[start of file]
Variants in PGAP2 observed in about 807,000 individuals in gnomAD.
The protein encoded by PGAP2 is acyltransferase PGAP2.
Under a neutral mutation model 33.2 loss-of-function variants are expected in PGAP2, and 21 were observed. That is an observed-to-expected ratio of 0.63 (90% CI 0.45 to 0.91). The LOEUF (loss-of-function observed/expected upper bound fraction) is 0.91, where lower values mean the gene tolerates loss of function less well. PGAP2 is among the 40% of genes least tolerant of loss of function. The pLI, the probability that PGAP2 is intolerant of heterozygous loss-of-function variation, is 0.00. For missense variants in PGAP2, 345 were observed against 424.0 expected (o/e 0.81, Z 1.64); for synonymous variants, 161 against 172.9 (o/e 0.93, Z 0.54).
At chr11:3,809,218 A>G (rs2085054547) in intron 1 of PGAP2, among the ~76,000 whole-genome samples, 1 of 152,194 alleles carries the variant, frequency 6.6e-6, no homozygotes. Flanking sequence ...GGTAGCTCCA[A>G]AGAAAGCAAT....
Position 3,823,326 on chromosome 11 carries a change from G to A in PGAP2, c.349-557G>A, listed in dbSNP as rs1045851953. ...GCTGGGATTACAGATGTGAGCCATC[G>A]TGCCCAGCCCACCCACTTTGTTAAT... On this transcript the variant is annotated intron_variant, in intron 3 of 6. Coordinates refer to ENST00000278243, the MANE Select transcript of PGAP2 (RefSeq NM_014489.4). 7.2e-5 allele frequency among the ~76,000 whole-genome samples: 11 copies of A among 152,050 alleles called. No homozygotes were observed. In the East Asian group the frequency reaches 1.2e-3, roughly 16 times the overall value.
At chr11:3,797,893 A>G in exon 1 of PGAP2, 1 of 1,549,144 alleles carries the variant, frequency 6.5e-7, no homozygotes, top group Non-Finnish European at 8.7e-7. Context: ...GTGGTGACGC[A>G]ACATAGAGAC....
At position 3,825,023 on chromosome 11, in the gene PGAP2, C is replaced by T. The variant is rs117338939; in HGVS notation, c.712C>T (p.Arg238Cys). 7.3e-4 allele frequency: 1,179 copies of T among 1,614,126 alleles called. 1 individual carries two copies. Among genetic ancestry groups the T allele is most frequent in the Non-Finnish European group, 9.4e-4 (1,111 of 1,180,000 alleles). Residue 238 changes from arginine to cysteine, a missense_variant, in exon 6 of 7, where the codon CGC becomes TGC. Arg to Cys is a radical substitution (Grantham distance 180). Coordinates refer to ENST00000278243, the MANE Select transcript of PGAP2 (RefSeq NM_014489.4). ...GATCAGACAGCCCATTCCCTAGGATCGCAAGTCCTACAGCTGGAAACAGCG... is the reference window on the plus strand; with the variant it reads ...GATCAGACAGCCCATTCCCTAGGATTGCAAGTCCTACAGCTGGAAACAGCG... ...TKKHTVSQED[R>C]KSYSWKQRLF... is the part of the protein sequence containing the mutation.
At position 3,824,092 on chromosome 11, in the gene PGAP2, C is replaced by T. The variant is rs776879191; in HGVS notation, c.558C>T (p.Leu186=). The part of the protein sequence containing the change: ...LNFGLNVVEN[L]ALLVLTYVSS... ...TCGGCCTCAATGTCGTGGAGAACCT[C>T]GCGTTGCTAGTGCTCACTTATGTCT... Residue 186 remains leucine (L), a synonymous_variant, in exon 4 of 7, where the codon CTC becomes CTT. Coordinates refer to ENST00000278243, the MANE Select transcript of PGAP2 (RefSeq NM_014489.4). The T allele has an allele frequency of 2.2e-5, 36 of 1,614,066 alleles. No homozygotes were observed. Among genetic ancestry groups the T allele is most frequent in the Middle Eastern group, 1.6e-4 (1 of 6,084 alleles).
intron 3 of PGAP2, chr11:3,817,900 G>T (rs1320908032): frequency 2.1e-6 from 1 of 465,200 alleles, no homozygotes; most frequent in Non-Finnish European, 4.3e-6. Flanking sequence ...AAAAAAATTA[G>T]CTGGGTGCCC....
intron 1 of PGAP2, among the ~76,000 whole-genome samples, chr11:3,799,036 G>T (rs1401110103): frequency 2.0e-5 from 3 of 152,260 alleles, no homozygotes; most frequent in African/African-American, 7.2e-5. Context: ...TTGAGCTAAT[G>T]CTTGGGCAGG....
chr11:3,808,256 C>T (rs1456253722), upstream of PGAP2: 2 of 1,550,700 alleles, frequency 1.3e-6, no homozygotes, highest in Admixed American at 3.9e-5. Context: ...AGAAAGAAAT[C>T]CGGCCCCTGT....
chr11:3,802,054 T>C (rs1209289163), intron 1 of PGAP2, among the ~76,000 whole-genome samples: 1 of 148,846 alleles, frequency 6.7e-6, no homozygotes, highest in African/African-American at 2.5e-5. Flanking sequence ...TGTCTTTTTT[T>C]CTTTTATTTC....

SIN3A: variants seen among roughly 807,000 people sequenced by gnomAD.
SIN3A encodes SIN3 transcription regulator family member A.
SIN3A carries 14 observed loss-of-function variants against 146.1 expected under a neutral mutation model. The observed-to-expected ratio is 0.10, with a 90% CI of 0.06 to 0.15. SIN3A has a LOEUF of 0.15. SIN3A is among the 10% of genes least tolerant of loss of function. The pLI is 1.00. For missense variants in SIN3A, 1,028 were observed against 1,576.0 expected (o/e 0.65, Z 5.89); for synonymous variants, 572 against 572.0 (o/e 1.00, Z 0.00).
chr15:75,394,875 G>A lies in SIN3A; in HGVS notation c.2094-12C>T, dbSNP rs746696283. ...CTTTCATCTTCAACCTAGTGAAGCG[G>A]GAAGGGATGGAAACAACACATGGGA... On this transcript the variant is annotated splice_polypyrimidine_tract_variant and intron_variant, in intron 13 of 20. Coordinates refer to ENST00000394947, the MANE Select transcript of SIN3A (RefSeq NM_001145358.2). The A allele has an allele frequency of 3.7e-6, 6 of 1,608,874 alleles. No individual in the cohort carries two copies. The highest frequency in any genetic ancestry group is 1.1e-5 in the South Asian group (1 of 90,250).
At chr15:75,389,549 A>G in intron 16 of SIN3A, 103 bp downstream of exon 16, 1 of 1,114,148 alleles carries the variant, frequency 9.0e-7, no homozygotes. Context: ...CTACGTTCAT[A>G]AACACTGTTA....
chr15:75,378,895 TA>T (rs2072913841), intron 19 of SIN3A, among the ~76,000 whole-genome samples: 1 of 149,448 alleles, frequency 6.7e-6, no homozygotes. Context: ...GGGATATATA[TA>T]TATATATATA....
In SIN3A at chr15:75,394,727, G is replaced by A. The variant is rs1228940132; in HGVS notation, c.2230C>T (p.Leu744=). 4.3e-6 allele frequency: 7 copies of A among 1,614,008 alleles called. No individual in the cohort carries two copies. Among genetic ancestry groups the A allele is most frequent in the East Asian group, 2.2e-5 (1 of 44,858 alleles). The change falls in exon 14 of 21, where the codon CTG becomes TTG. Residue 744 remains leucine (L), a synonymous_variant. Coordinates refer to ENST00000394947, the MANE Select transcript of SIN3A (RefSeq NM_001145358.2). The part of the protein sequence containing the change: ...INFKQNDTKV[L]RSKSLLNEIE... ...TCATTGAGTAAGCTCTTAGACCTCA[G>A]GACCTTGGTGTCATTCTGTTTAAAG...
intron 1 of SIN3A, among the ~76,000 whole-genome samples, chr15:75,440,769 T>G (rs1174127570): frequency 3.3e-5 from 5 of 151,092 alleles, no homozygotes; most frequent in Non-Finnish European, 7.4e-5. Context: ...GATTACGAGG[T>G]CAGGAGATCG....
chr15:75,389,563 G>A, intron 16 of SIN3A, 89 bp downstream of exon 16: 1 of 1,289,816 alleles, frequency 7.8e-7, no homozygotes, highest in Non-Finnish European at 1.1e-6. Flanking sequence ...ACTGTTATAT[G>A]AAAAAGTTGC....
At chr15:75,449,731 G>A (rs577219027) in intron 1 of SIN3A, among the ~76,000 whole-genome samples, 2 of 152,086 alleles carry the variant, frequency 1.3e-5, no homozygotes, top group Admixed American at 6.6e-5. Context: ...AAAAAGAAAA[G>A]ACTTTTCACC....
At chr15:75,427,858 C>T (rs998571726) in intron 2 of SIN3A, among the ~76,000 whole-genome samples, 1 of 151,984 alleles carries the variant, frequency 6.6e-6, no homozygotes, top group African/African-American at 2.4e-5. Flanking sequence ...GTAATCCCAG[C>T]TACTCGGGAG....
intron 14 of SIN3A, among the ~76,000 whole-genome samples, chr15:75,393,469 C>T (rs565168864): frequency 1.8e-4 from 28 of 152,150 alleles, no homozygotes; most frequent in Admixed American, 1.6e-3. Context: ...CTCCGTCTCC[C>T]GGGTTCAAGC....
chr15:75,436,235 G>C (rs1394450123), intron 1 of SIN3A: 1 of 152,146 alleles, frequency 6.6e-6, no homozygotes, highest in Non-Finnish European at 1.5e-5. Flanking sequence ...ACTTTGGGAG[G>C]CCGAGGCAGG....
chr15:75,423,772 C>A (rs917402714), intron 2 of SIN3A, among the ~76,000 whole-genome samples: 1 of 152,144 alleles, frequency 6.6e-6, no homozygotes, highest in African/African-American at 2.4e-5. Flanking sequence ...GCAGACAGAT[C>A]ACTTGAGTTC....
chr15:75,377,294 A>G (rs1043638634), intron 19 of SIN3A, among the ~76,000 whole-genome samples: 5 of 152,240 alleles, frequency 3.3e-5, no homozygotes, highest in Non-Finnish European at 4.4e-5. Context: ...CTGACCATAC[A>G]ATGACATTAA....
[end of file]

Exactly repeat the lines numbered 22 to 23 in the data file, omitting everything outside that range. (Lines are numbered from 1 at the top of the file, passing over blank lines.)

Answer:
At chr15:75,449,731 G>A (rs577219027) in intron 1 of SIN3A, among the ~76,000 whole-genome samples, 2 of 152,086 alleles carry the variant, frequency 1.3e-5, no homozygotes, top group Admixed American at 6.6e-5. Context: ...AAAAAGAAAA[G>A]ACTTTTCACC....
At chr15:75,427,858 C>T (rs998571726) in intron 2 of SIN3A, among the ~76,000 whole-genome samples, 1 of 151,984 alleles carries the variant, frequency 6.6e-6, no homozygotes, top group African/African-American at 2.4e-5. Flanking sequence ...GTAATCCCAG[C>T]TACTCGGGAG....